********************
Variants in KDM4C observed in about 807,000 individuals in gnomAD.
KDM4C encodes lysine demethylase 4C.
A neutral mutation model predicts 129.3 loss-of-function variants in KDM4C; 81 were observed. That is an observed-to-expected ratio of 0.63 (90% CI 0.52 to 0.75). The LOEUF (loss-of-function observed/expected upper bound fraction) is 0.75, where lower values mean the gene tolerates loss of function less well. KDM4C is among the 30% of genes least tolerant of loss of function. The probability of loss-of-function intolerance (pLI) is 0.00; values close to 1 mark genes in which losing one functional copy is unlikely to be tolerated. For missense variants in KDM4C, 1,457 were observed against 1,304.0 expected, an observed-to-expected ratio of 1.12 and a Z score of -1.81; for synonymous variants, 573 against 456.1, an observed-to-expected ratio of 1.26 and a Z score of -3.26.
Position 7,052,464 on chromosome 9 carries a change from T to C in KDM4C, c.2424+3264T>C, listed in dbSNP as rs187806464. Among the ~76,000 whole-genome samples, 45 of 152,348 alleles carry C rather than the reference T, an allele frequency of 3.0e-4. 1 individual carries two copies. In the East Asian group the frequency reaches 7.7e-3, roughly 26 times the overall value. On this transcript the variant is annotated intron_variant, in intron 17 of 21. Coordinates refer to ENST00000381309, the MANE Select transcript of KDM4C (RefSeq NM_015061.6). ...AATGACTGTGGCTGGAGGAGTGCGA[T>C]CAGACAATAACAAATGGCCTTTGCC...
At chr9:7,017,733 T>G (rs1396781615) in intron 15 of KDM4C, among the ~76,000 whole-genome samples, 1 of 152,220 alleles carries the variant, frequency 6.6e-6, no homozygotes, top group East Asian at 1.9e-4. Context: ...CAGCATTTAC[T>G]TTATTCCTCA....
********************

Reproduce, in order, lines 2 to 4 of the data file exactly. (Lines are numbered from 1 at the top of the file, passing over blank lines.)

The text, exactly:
KDM4C encodes lysine demethylase 4C.
A neutral mutation model predicts 129.3 loss-of-function variants in KDM4C; 81 were observed. That is an observed-to-expected ratio of 0.63 (90% CI 0.52 to 0.75). The LOEUF (loss-of-function observed/expected upper bound fraction) is 0.75, where lower values mean the gene tolerates loss of function less well. KDM4C is among the 30% of genes least tolerant of loss of function. The probability of loss-of-function intolerance (pLI) is 0.00; values close to 1 mark genes in which losing one functional copy is unlikely to be tolerated. For missense variants in KDM4C, 1,457 were observed against 1,304.0 expected, an observed-to-expected ratio of 1.12 and a Z score of -1.81; for synonymous variants, 573 against 456.1, an observed-to-expected ratio of 1.26 and a Z score of -3.26.
Position 7,052,464 on chromosome 9 carries a change from T to C in KDM4C, c.2424+3264T>C, listed in dbSNP as rs187806464. Among the ~76,000 whole-genome samples, 45 of 152,348 alleles carry C rather than the reference T, an allele frequency of 3.0e-4. 1 individual carries two copies. In the East Asian group the frequency reaches 7.7e-3, roughly 26 times the overall value. On this transcript the variant is annotated intron_variant, in intron 17 of 21. Coordinates refer to ENST00000381309, the MANE Select transcript of KDM4C (RefSeq NM_015061.6). ...AATGACTGTGGCTGGAGGAGTGCGA[T>C]CAGACAATAACAAATGGCCTTTGCC...